Hector Garcia:
I wouldn't call myself an expert. I'm very reluctant. I just happened to be living here. Now it's going to be almost half of my life, so it's making me think why I have spent half of my life here?
I just happened to like it, and I came here when I was twenty-two years old and by nature, I'm very curious and if you've been here in Japan that it's all questions when you're working on the streets. So, I started answering those questions to myself in a blog.
I'm one of those old geeks that they had their own, self-hosted the blog and I started writing my impressions in the blog and many people in Spain liked what I was writing about Japan and people who knew more than me about Japan started commenting and I started reading books about Japan, asking the same questions to Japanese people around me, and eventually, my blog became one of the top read blogs in Spain.
That's also interesting. I don't know why a Japanese blog, I think it was a little bit like those early days before social networks on the internet, people got excited to see a Spanish young software ... I was like software engineer living in Japan and that's how it started. When I reflect about it, it's all about for myself, It's about curiosity.
I'm always driven to learn things and Japan is the perfect place to keep learning things. I tell people that I've been here in Tokyo for almost two decades and I still don't know, if you ask me is a huge city and I'm still exploring and learning from Japanese people.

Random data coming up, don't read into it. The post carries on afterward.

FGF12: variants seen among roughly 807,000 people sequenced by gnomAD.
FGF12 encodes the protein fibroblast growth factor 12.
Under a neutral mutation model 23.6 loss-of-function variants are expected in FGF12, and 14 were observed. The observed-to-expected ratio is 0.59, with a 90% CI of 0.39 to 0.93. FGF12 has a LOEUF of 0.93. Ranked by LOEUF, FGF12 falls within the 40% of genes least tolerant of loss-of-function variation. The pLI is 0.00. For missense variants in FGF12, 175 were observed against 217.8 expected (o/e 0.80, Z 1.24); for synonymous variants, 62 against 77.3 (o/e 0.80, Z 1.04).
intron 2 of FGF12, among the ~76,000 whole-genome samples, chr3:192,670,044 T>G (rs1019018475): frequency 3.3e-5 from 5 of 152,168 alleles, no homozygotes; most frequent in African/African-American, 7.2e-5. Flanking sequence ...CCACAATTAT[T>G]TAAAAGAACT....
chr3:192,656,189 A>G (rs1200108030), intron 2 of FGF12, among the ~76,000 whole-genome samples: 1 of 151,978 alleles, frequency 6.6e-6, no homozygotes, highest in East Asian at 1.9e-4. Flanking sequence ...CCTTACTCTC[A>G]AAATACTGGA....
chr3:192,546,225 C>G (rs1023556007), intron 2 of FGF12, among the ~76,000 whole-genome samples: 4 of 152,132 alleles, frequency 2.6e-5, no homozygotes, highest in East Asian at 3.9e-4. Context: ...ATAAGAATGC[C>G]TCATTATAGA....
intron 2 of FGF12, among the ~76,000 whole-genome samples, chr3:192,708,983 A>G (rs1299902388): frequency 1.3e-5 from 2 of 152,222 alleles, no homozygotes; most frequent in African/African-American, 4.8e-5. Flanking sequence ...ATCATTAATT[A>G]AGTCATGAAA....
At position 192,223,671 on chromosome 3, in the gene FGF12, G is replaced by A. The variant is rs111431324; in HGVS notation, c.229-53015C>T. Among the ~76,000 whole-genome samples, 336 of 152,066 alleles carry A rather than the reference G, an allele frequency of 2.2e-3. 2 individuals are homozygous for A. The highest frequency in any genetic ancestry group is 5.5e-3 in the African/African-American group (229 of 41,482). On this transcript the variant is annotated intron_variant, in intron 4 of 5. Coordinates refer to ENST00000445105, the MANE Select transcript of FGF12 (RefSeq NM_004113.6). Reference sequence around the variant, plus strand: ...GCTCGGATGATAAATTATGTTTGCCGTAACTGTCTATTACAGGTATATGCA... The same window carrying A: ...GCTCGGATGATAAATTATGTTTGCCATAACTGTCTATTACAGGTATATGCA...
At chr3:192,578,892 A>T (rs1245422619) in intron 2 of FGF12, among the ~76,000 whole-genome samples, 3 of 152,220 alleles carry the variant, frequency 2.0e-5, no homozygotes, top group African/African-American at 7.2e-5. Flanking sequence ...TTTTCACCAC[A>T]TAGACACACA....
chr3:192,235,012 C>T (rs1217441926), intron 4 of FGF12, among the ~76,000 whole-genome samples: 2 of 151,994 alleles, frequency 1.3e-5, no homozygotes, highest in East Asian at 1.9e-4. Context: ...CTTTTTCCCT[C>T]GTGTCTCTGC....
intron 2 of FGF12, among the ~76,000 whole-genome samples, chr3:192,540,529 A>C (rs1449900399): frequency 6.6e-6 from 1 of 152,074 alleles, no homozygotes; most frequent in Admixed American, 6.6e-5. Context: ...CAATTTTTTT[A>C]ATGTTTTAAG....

Guy Kawasaki:
I think it's a sign of maturity and intelligence that you know what you don't know because there are a lot of people who don't know what they don't know and they think they know everything, which is a deadly combination.
I will also tell you, a little bit more fanboying here, that the book that has been most influential for me personally is a book called If You Want To Write by Brenda Ueland.
And it is essentially a empowering book about creativity and expression that you shouldn't think you need a degree in English or you need permission or training if you want to write, write. And that truly liberated me as a writer when I first started in 1987 or so.
And then fast forward to about two months ago and I read Ikigai and I told my wife, "This book is as personally influential as If You Want To Write." I just loved that book Ikigai. It really spoke to me.
I'm at the tail end of my career, maybe the tail end of my life and I truly do believe that podcasting is my ikigai and so it just came at the time that just helped me put all that together, so I love this book.